Recapturing Heritage: Stockyards City

In 1949 another opportunity presented itself when a man by the name of Wacker wanted to sell his Wacker's store location in the Stockyards area of Oklahoma City. With the roots of the Langston Freeman Company being in serving the local farm and ranch community, Mr. Barber thought Stockyards City would be a natural fit for a Langston's store.

It was the experience in western wear, work wear, and cowboy boots that made the transition into the Stockyards an easy one. The regular clientele of real cowboys and cowgirls meant an even greater focus on western apparel and what started as 5,000 square foot store eventually grew to be the 30,000 square foot store it is today.

Thankfully, it seemed that each time western wear grew more popular, new space was available in which to expand. The first came when the owner of the Luther's store next door passed away.

Langston's purchased the space and expanded into it to create a highly specialized western wear department that served to separate all the western merchandise from conventional men's and ladies' apparel.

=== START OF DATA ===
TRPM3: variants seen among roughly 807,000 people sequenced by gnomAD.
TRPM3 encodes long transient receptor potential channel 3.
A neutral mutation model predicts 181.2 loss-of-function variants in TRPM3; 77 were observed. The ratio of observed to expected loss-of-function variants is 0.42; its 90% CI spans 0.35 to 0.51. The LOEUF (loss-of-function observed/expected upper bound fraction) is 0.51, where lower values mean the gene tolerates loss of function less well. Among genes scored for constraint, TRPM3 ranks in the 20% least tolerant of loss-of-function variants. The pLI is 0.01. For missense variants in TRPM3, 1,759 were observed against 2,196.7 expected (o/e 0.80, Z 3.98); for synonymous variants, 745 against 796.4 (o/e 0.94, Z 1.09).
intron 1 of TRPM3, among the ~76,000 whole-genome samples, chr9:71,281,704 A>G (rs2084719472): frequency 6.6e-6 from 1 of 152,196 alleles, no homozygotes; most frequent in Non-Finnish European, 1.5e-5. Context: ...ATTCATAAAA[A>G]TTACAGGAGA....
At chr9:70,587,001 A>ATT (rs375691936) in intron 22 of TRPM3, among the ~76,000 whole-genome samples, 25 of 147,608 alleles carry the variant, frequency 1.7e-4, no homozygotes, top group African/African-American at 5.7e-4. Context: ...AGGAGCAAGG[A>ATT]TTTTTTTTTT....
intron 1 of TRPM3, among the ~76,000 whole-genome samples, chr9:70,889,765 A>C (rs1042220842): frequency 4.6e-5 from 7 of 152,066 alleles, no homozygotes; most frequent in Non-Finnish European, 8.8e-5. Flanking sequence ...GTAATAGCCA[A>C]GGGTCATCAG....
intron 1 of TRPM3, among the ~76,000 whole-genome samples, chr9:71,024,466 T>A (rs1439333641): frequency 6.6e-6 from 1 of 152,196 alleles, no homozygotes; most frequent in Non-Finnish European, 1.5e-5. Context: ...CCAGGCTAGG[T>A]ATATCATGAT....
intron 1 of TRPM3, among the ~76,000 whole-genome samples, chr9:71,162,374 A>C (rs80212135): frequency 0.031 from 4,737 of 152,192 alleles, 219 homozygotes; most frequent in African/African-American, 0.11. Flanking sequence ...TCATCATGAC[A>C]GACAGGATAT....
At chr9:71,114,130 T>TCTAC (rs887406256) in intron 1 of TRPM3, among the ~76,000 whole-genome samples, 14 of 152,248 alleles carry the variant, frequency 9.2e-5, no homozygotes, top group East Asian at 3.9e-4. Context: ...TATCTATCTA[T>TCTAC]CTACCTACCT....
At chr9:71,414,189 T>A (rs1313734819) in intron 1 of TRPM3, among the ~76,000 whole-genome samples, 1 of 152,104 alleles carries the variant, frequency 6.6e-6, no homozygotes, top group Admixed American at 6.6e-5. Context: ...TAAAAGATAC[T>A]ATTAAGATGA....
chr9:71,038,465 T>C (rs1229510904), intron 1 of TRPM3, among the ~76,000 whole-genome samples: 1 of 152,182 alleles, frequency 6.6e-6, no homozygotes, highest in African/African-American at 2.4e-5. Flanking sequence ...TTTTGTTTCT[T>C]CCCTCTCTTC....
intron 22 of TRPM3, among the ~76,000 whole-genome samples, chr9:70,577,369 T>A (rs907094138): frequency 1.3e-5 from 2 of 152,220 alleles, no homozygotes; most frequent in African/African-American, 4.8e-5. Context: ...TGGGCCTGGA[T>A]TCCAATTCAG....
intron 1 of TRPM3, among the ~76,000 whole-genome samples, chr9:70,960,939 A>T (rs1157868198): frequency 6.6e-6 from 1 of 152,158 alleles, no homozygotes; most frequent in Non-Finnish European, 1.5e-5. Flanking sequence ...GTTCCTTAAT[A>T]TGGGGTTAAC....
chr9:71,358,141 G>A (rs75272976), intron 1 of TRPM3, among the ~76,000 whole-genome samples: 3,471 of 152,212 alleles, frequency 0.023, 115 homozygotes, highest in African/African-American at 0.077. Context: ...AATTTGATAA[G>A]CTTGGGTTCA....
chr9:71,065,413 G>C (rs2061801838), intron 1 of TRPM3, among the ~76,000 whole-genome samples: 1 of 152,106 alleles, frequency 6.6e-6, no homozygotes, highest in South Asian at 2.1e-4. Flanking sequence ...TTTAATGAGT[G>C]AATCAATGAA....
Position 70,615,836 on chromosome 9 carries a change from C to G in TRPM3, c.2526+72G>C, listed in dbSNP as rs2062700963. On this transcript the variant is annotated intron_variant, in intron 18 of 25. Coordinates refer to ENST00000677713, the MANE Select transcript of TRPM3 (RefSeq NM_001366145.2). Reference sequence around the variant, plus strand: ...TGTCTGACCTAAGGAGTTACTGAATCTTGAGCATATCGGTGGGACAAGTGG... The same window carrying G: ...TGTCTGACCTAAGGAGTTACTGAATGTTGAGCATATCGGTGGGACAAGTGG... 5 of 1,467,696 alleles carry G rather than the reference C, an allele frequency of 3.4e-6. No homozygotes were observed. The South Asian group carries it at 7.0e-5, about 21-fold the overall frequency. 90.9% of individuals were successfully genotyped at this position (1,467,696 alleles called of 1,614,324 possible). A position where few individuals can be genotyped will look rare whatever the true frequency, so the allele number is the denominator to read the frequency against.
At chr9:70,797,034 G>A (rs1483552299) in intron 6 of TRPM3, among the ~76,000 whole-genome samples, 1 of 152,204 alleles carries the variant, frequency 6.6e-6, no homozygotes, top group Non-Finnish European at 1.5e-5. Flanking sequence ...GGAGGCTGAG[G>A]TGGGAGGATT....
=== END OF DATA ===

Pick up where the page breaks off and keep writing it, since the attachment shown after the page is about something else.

Soon after, the departure of Norma's lounge and another western retailer provided Langston's the opportunity to add another 10,000 square feet. This allowed for an expansion of the boot department and the open display of the more than 10,000 pair of boots Langston's was now offering.

The increased growth led Mr. Barber, along with his son who joined the company in 1970, and partner Mr. Boatmun to consider building a larger store in another location. But the combination of Langston's western heritage with that of the Stockyards was just too good a match to pass up. With the last piece in place, the store became the company's flagship western wear store that you see today.

Present Day

Today, Langston's has four locations in the Oklahoma City metro area. In addition the Stockyards store, the Shields store, and the Midwest City store, Langston's is also located on Garth Brooks Boulevard in the adjacent suburb of Yukon. Bob Barber's son is now President of the company and his son returned in 1999 to start langstons.com, bringing the authentic western apparel business online.

At Langston's, we are proud of our heritage that spans 100 years and four generations. We continue to strive to honor the legacy and tradition of serving the greater western lifestyle community started by Mr. L.Y. Langston. Much of his success and that of Langston Co. over the years is due to a sense of community and tradition that he successfully integrated into the business he started in the small farming community of Harrah, Oklahoma in 1913.